Turner RB, Riker DK, Gangemi JD. Ineffectiveness of Echinacea for prevention of experimental rhinovirus colds. Antimicrob Agents Chemother . 2000;44:1708-9. home remedies for strep throat pain in adults

home remedies for strep throat pain in adults Van Brusselen D, Blieghe E, Schelstraete, et al. Streptococcal pharyngitis in children: to treat or not to treat? Eur J Pediatr . 2014;173(10):1275-83.

Van Straten M, Josling P. Preventing the common cold with a vitamin C supplement: a double-blind, placebo-controlled survey. Adv Ther . 2002;19(3):151-9.

pnc 24 hour customer service Vincent M, Celestin N, Hussain A. Pharyngitis. Am Family Phys . 2004;69(6).

Weber R. Bope & Kellerman: Conn's Current Therapy 2013 . 1st ed. Philadelphia, PA: Elsevier Saunders; 2012.

 


Reviewed By: Steven D. Ehrlich, NMD, Solutions Acupuncture, a private practice specializing in complementary and alternative medicine, Phoenix, AZ. Review provided by VeriMed Healthcare Network.

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Sore and Strep Throats in Kids

When a child has a sore throat, the first thing that most parents think of is strep throat. Although strep is a common childhood infection, it is important to keep in mind that there are a lot of other things that can cause your child to have a sore throat. These include viral infections of your child's throat, colds, allergies that can cause a sore throat secondary to post-nasal drip, and even reflux.

Causes of a Child's Sore Throat

It can help to uncover what might be causing your child's sore throat if you first understand some of the medical terms related to sore throats, including:

  • Tonsillitis: An inflammation or infection of the tonsils, which can be caused by strep and many viral infections. So while strep throat is a form of tonsillitis, so is mono and other viral infections.
  • Pharyngitis: An inflammation or infection of the pharynx, the area of the mouth near the tonsils. While most people use the terms tonsillitis and pharyngitis to mean the same thing, with pharyngitis, the inflammation isn't limited to the tonsils. Like tonsillitis, both strep and viruses can cause pharyngitis.
  • Post-Nasal Drip: Drainage down the back of your throat from a cold, sinus infection, or allergies and which can cause a sore throat without tonsillitis or pharyngitis.

Symptoms

Recognizing any other symptoms that your child has can also help you determine what might be causing your child's sore throat.

For example, with strep throat, children will often have classic symptoms that can include:

  • Fever
  • Sore throat (pain on swallowing)
  • Red tonsils that might have a thick white exudate (pus) on them
  • Swollen lymph nodes (glands) that can be tender
  • The sandpaper-like rash of scarlet fever
  • Headache, abdominal pain, nausea, vomiting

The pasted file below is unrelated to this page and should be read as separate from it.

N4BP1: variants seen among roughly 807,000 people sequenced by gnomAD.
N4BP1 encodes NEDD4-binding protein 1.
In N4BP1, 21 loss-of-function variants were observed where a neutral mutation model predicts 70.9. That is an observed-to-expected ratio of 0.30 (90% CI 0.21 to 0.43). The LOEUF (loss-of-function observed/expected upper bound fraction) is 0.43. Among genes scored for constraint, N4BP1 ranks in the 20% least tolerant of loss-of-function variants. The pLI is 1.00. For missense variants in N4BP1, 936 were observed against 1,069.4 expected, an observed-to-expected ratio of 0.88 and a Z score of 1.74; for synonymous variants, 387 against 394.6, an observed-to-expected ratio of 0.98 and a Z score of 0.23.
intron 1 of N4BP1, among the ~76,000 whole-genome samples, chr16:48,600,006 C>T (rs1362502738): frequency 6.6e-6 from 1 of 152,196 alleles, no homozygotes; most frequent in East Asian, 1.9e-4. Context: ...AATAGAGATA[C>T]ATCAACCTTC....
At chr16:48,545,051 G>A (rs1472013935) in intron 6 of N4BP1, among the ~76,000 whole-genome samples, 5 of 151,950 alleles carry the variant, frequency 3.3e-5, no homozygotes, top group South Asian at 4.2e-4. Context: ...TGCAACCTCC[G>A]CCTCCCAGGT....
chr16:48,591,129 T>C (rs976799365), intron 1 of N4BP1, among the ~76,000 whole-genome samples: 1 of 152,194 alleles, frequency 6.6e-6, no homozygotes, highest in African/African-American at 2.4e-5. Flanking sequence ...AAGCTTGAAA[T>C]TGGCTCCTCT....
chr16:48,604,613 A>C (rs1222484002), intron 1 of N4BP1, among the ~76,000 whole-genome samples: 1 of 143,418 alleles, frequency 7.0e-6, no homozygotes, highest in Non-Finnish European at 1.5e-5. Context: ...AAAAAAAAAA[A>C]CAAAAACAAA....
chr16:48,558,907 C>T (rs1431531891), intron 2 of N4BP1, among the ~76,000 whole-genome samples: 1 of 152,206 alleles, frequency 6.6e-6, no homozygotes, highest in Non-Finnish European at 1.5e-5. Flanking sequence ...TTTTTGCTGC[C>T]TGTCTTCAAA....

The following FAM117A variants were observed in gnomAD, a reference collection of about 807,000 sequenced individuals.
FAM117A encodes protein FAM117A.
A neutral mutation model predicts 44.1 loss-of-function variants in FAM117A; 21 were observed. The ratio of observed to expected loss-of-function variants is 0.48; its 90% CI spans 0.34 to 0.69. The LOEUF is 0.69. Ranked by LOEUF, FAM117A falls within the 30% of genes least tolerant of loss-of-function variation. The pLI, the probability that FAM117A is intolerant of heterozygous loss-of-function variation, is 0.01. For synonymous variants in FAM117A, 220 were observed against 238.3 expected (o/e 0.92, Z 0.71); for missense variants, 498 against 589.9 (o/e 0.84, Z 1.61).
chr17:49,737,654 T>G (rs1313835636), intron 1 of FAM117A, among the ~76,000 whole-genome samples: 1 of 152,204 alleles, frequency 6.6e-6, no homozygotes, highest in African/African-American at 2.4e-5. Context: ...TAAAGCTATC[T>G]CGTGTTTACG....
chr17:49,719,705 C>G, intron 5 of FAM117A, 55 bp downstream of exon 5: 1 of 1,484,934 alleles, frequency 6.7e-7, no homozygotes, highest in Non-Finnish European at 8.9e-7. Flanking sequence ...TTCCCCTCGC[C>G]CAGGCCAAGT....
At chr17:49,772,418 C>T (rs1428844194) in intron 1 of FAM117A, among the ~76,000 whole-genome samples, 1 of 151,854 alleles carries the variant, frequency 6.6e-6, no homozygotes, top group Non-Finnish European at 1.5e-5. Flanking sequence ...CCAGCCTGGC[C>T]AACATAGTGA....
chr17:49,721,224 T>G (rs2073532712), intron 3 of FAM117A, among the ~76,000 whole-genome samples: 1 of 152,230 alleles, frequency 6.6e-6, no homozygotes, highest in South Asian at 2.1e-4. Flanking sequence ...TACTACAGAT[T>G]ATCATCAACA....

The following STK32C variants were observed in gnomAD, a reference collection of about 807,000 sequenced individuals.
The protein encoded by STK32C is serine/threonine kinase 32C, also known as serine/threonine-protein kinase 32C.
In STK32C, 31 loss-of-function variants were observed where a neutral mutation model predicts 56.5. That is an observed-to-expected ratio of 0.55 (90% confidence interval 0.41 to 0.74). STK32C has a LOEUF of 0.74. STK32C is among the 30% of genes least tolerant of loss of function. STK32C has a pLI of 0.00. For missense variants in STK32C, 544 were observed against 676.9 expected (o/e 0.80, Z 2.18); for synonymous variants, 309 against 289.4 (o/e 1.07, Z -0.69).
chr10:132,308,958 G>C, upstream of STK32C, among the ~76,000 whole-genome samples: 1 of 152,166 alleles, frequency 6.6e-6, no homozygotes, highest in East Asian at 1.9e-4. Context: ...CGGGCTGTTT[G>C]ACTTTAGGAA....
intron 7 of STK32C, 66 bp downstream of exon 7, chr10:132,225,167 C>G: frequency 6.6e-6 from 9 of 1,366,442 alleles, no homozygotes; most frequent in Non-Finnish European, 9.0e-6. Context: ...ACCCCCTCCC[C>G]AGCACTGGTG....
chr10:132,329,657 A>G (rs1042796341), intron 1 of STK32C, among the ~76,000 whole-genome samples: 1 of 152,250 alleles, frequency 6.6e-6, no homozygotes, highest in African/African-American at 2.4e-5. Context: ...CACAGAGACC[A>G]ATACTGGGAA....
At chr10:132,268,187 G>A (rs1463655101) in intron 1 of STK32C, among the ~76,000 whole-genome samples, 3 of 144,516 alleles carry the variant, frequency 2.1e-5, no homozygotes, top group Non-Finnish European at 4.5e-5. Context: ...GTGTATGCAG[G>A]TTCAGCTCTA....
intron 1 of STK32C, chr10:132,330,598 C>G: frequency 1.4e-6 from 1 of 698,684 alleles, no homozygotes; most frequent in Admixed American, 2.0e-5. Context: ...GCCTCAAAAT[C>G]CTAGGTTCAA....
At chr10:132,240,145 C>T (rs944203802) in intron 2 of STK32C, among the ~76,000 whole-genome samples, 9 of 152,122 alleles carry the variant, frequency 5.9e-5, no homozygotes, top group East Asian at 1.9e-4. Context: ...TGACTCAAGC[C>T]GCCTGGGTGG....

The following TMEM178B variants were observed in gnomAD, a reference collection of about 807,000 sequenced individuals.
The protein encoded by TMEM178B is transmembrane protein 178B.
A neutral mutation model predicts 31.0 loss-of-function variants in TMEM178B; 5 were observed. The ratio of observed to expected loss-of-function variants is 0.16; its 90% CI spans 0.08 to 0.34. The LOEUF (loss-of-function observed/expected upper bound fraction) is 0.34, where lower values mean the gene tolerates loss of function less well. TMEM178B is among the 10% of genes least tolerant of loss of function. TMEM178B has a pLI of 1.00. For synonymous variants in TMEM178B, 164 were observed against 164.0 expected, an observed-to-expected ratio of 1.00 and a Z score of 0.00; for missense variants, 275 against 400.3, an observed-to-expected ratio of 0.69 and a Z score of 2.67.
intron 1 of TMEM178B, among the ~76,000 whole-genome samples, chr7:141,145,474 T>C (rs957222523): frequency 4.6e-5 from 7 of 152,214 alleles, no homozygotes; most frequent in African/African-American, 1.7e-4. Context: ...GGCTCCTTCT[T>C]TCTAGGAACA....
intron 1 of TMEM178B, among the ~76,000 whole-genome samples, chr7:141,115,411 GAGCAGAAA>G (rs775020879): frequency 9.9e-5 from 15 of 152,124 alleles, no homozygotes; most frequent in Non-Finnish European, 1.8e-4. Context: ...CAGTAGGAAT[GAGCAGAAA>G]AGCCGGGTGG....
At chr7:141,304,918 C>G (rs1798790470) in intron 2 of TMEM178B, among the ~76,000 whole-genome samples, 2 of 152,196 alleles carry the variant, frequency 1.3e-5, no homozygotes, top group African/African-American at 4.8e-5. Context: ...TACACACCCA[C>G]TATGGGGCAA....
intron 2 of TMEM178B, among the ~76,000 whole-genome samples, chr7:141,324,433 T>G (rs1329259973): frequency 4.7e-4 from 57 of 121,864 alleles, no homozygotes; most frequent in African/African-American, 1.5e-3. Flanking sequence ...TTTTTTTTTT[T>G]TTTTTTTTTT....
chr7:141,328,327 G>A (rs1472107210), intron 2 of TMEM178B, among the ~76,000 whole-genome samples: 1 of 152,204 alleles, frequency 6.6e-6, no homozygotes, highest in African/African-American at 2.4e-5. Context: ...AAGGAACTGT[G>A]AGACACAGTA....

On the other hand, children who have a virus that is causing their sore throat will often have a cough, diarrhea, pink eye, mouth ulcers, a hoarse voice or a runny nose.

Symptoms That Indicate Mono

Besides strep, colds, and allergies, infectious mononucleosis — or mono — is the other condition that can have classic symptoms. These mono symptoms can include:

  • A sore throat, which is often described as the worst sore throat the child has ever had
  • A high fever
  • Enlarged lymph nodes or glands in the neck, armpit, or groin
  • Malaise and fatigue (not feeling well and feeling tired)
  • Anorexia (loss of appetite)
  • Muscle aches
  • A rash, especially if your child was taking antibiotics, like ampicillin or amoxicillin
  • Headache
  • Nausea
  • Abdominal pain

Irritation, reflux, and other infections can also less commonly cause children to have sore throats.

What to Do When Your Child Has a Sore Throat

Recognizing what might be causing your child's sore throat can be difficult, even after a doctor's visit, which is why your pediatrician will often do a strep test when your child complains of a sore throat. This is especially important when you consider that strep throat is one of the few causes of a sore throat that you can treat with antibiotics.

Most other infections will not be helped by antibiotics or need other types of treatments altogether, such as antihistamines for allergies or acid reducers for reflux.

Symptomatic Sore Throat Treatments

Ideally, your pediatrician will be able to treat the underlying cause of your child's sore throat, whether it is strep throat, sinusitis, or allergies. Unfortunately, especially when your child has a viral infection, such as mono, the sore throat will have to get better on its own.

There are often some things that you can do until then to help your child feel better, though, including:

  • Giving your child a pain reliever, such as acetaminophen (Tylenol) or ibuprofen (Motrin).
  • Encouraging your child to drink cool drinks, eat popsicles, and avoid acidic drinks (orange juice, lemonade, etc.), which can irritate a sore throat.
  • Offering hard candy, throat lozenges, or lollipops for older kids (remember that these are a choking hazard for younger toddlers and preschool-age children, though).
  • Encouraging your child to gargle with warm salt water (most kids don't like to do this, though).
  • Using a sore throat spray, such as Chloraseptic Sore Throat Spray for Kids, which can be given to kids as young as age two years (most kids don't like to use throat sprays either).